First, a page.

Cowen also edited Public Goods and Market Failures: A Critical Examination. The book's three sections cover various issues related to the private provision of public goods. The first part of the book covers market failures; the second examines developments in the theory of public goods; and the third part offers case studies. In Explorations in the New Monetary Economics, Cowen and coauthor Randall Kroszner plumb the depths of "New Monetary Economics," a specific theory of society's best approach to monetary systems. Sheila C. Dow of the Economic Journal called Explorations in the New Monetary Economics "a useful addition to the literature." Markets in the Firm: A Market-Process Approach to Management, coauthored by Cowen and David Parker for the Institute of Economic Affairs in London, promotes the use of market principles within business firms to increase their ability to adapt and learn. Economic Welfare offers insight on the three approaches to modern welfare economics. Another title, Market Failure or Success: The New Debate, discusses how market failure at the microeconomic level can impact economics on a larger level.

In his book In Praise of Commercial Culture, Cowen, who once told CA that his "research program is to use economic reasoning to explain artistic creativity and contemporary culture," refutes the theories advanced in the nineteenth century by French philosopher Alexis de Tocqueville, who argued that democracies foster mediocrity and throw-away art. In aristocratic societies, de Tocqueville argued, craftsmanship and quality were emphasized and art was accorded its rightful high place in society. Cowen counters de Tocqueville's theories with, according to Reason 's Nick Gillespie, "a detailed, compelling, and insightful" response to de Tocqueville's position on democracy and culture. The commercial culture spawned by democracy, Cowen argues, actually fosters art. To prove his point, Cowen offers case studies of how commercial transactions have worked to benefit artists and their audiences. The free market system in American democracy has brought popular artists like Michael Jackson and Stephen Spielberg to the fore, "while at the same time securing niches for more obscure visions, such as those of Brian Eno or Peter Greenaway."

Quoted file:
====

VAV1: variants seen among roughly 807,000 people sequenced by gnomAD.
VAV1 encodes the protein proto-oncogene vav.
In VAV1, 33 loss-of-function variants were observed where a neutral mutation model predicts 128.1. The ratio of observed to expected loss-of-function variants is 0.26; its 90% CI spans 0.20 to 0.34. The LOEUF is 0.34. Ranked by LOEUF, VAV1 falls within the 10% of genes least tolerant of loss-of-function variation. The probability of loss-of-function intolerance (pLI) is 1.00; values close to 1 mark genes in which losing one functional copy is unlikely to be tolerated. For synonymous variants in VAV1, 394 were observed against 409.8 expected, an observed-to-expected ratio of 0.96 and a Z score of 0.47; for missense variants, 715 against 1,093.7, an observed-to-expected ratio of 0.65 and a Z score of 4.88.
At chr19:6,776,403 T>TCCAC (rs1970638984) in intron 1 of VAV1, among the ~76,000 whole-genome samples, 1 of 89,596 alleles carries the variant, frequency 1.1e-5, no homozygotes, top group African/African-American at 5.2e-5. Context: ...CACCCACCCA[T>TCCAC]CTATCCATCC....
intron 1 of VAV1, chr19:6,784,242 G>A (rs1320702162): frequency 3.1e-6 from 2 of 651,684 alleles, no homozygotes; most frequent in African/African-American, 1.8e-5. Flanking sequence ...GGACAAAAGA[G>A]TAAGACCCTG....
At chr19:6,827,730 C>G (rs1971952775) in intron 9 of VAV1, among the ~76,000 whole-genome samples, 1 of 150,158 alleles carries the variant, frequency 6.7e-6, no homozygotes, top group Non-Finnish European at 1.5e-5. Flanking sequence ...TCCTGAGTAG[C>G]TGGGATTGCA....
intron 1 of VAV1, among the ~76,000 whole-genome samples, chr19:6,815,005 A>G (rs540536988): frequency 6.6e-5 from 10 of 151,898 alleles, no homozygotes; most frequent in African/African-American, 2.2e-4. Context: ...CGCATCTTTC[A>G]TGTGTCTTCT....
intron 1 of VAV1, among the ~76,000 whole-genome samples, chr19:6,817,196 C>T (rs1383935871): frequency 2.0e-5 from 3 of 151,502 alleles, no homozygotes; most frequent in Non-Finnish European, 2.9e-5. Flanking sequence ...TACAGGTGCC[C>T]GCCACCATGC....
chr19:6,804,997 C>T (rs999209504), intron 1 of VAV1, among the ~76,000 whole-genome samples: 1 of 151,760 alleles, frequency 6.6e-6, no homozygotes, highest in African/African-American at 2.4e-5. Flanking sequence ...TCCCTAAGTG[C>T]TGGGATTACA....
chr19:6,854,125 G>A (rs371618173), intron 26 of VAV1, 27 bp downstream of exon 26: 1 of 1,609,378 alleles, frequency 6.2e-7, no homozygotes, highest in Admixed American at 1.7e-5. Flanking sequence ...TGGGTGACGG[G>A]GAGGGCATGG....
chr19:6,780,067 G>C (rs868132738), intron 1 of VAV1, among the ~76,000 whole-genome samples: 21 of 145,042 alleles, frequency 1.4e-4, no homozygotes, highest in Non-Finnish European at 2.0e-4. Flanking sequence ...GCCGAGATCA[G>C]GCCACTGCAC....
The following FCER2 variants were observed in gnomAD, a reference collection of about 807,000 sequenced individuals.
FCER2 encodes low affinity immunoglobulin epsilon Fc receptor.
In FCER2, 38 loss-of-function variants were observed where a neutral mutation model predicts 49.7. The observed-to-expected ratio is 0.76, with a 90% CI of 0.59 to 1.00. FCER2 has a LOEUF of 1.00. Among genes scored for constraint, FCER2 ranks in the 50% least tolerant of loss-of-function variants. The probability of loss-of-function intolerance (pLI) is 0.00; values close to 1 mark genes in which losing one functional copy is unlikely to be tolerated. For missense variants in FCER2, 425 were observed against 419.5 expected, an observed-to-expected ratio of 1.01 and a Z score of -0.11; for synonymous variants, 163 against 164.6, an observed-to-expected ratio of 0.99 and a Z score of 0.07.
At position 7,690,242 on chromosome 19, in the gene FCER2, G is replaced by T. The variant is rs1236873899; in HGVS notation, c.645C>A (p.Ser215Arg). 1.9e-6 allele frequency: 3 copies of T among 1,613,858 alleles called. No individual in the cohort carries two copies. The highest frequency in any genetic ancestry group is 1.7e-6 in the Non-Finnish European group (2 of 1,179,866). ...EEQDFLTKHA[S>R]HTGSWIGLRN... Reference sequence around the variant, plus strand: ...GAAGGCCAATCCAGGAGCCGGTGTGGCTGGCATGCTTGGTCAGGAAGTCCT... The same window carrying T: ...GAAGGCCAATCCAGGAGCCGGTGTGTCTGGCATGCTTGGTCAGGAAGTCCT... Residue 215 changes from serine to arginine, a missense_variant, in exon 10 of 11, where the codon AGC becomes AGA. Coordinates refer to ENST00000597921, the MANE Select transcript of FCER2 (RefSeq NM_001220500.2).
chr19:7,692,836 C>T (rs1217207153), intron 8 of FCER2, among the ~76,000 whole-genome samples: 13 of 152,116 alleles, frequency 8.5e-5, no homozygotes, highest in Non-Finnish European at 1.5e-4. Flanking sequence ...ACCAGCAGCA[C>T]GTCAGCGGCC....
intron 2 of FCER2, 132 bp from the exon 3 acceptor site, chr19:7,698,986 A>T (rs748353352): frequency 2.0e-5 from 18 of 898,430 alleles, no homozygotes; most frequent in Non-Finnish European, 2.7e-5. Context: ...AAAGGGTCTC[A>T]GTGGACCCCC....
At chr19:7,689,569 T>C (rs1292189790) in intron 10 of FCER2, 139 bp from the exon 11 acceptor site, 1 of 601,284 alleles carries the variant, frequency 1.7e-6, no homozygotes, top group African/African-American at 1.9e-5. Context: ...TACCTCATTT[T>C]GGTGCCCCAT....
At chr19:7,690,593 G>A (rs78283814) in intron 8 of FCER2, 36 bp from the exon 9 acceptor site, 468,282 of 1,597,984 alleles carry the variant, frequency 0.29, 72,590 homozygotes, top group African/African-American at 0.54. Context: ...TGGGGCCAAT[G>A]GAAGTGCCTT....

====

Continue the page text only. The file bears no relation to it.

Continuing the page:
According to Cowen, the free market economy has long created opportunities for artists. Cowen reaches back to Florence, Italy, during the Renaissance period and into seventeenth-century Amsterdam to prove his point that the free market fosters creativity. The result has been more art and a wider variety of art than was produced in aristocratic societies. A recent case in point is the upsetting of the four largest record companies—Columbia, Capitol, Decca, and RCA Victor—by competing companies, a growth that Cowen attributes to the free market.

Cowen gives tremendous credit to technology for furthering the cause of art and culture. The printing press, for example, made it possible for composers to score their music and this, says Cowen, gave rise to intricate classical music. Chris C. Mooney summarized Cowen's argument in the Boston Globe, commenting, "New technologies not only promote the dissemination and preservation of art, they also inspire innovation by creating new possibilities." According to Gillespie, Cowen succeeds by "contextualizing pessimism within a larger dynamic of cultural growth and by showing the beneficial effects of markets on art." Cowen's book "remaps the debate in a way that should greatly inform all future arguments." " In Praise of Commercial Culture, " remarked Mooney, "instantly defined Cowen as the leading proponent of a free-market position within the arts and culture."